Think Someone’s Copied Your Trademark? Here’s a How to Tell
Trademark law is tricky enough without considering the extra complexity of its interplay with Cannabis, a schedule 1 drug under the Controlled Substance Act. For the purposes of this article, we will assume that a company has in fact managed to procure a trademark for a good/service in this industry.
One of the more intricate and indeed litigious aspects of Cannabis trademark law arises when one party claims that another party is using a mark that infringes on the original mover (either by using the mark without permission or by using an excessively similar mark). Of course, the defendant will seek to prove that his/her mark is sufficiently distinct enough from the first mover’s mark so that there is no infringement. Clearly, there is a certain amount of subjectivity involved in making this decision and in order to better codify the factors that go into determining whether or not there’s infringement, the court will consult the following test.
Polaroid Factor Test:
As a guiding system, the Court’s will use what has now been termed the Polaroid Factors (where they were famously employed in Polaroid Corp. v. Polarad Elect.) to decide if there has in fact been trademark infringement. Fundamentally, the goal of the test is to ultimately determine whether the alleged infringing trademark would create customer confusion. Indeed, avoiding customer confusion is the crux of Trademark law and is critically important in the protection of intellectual property. While each factor is important, not all of them necessarily need to be met for the court to find infringement.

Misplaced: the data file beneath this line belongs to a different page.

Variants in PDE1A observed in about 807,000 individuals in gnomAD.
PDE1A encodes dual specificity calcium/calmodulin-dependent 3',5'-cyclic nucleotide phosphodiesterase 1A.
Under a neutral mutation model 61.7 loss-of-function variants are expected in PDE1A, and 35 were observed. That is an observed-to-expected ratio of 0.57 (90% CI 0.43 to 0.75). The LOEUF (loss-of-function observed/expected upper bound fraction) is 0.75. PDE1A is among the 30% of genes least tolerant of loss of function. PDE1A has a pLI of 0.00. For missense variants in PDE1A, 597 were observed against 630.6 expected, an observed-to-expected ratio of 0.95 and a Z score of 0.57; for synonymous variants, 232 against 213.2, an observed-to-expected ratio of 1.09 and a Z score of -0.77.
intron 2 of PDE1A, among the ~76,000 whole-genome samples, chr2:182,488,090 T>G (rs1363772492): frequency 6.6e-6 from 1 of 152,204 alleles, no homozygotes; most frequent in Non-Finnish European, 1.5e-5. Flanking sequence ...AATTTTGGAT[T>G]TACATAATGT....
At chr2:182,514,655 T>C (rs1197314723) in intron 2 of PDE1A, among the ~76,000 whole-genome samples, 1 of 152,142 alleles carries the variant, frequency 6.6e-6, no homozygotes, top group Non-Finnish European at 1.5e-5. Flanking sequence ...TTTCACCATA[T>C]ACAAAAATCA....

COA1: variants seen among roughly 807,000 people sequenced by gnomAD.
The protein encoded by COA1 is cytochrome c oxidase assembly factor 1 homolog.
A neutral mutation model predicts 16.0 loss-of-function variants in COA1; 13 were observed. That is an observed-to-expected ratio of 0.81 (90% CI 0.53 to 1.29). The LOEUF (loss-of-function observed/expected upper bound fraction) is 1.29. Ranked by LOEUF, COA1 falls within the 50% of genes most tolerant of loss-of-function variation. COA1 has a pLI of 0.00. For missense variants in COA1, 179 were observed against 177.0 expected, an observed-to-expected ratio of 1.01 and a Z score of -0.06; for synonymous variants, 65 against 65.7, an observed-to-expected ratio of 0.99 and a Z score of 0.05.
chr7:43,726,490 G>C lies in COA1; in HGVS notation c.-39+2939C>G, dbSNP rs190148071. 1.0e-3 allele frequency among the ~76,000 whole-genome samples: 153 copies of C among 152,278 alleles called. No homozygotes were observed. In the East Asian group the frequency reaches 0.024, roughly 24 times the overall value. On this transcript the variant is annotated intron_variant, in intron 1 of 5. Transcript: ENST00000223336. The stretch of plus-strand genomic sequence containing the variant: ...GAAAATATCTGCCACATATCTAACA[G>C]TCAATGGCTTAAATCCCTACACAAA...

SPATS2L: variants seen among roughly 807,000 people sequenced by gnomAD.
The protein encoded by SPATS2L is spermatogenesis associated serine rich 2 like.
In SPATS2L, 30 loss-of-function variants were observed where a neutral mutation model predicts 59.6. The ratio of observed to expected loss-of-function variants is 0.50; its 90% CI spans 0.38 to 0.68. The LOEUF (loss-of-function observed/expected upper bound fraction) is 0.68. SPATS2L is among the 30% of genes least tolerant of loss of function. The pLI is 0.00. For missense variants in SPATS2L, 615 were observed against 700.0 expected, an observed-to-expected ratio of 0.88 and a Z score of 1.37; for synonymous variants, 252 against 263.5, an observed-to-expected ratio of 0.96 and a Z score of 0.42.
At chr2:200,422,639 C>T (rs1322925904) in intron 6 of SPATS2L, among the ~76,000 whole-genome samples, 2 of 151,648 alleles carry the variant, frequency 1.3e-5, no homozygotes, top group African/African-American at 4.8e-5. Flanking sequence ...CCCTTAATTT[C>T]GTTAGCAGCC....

- the strength of the mark.
- the degree of similarity between the two marks.
- the proximity of the products/services.
- the likelihood that the prior owner will bridge the gap.
- actual confusion.
- the defendant’s good faith in adopting its own mark.
- the quality of the defendant’s product.
- the sophistication of the buyers.
Examining this list carefully, one readily begins to see just how useful this test is. Each factor seems to skillfully get at the bigger question of whether or not this mark is the kind of thing that may confuse a potential buyer. The more similar the junior’s mark is to the senior, the greater likelihood for customer confusion and therefore trademark infringement. Conversely, if the marks are not deemed to be excessively similar, the less likelihood there is for customer confusion and therefore a lesser chance the courts will find trademark infringement. This test should be used holistically without too much emphasis on each individual factor.